By Carlo Versano
Most large corporations now employ a CIO, or chief information officer, who is charged with protecting and running the company's digital infrastructure.
Is it time for the federal government to hire its own CIO?
Rep. Will Hurd (R-Tex.) thinks so. He told Cheddar Friday that the spate of major data breaches ー even though they happen primarily at private companies ー warrants a federal czar to help protect consumers and potentially even levy penalties on companies that don't do enough to safeguard users' information.
Hurd noted that the vast majority of data breaches are made possible because some piece of software hasn't been patched, or permissions weren't properly secured. Typically, they're not sophisticated hacks. He thinks a "national breach standard" would help codify the processes for preventing these types of vulnerabilities.
"We're not following good, basic hygiene" with our data, Hurd said.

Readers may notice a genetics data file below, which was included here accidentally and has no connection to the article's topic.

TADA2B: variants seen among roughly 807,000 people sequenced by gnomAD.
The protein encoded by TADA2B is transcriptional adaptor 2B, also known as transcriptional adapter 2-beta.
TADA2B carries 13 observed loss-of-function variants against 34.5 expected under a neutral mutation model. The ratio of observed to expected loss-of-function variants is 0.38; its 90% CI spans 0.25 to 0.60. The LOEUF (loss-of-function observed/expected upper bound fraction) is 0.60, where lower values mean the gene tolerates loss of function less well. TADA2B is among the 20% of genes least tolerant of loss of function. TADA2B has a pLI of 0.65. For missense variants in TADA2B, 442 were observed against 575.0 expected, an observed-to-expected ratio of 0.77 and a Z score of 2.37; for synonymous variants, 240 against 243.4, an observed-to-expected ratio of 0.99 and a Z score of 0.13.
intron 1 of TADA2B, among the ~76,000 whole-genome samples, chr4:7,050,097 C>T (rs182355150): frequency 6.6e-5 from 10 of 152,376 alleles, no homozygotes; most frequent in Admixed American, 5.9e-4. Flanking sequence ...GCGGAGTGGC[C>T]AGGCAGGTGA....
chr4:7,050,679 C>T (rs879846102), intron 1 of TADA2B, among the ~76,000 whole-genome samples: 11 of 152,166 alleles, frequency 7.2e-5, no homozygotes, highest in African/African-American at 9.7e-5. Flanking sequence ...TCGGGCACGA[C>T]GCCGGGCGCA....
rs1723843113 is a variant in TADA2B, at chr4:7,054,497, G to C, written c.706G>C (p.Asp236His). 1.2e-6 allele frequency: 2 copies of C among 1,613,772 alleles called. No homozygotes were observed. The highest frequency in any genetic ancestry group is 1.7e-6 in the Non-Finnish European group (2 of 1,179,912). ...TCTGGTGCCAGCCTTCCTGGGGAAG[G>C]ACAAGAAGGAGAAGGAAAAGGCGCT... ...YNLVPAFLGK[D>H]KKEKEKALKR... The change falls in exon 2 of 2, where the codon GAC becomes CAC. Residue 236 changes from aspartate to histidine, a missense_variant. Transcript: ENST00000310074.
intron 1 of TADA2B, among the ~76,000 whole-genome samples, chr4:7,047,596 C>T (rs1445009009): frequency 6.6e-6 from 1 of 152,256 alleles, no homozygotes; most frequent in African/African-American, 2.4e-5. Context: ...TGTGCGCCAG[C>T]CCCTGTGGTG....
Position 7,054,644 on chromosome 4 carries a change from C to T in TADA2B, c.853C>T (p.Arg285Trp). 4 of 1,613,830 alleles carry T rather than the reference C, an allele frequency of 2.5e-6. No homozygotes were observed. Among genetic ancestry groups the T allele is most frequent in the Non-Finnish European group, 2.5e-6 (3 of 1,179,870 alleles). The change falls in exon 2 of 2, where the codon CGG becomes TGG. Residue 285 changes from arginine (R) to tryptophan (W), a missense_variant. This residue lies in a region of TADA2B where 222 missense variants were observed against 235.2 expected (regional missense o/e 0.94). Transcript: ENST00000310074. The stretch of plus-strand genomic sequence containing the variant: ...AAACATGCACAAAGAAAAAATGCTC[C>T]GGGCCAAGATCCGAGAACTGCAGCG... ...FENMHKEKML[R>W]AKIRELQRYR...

In addition, a tech czar would oversee the protection of the federal government's data, as well as cross-agency IT issues and would have the ability to audit agencies on their technology spending and help cut waste, Hurd said.
Hurd is one of just three members of Congress with a degree in computer science. But he said the importance of cybersecurity is at the forefront of many members' minds, even if they don't have the technical expertise to draft a bill. That's why he's doing it himself. "Recognizing there's a problem is important," he said.
Cybersecurity and data protection is one of the few truly "non-partisan" issues on the Hill, according to Hurd.
Hurd represents Texas' 23rd district, an 800-mile stretch from San Antonio to El Paso that includes more border-adjacent land than any other district in the country. He said technology could also help provide a solution to the border wall fight that has crippled the government. Specifically, he proposes a "smart wall" ー a combination of manpower and technology ー rather than a physical barrier.
For full interview click here.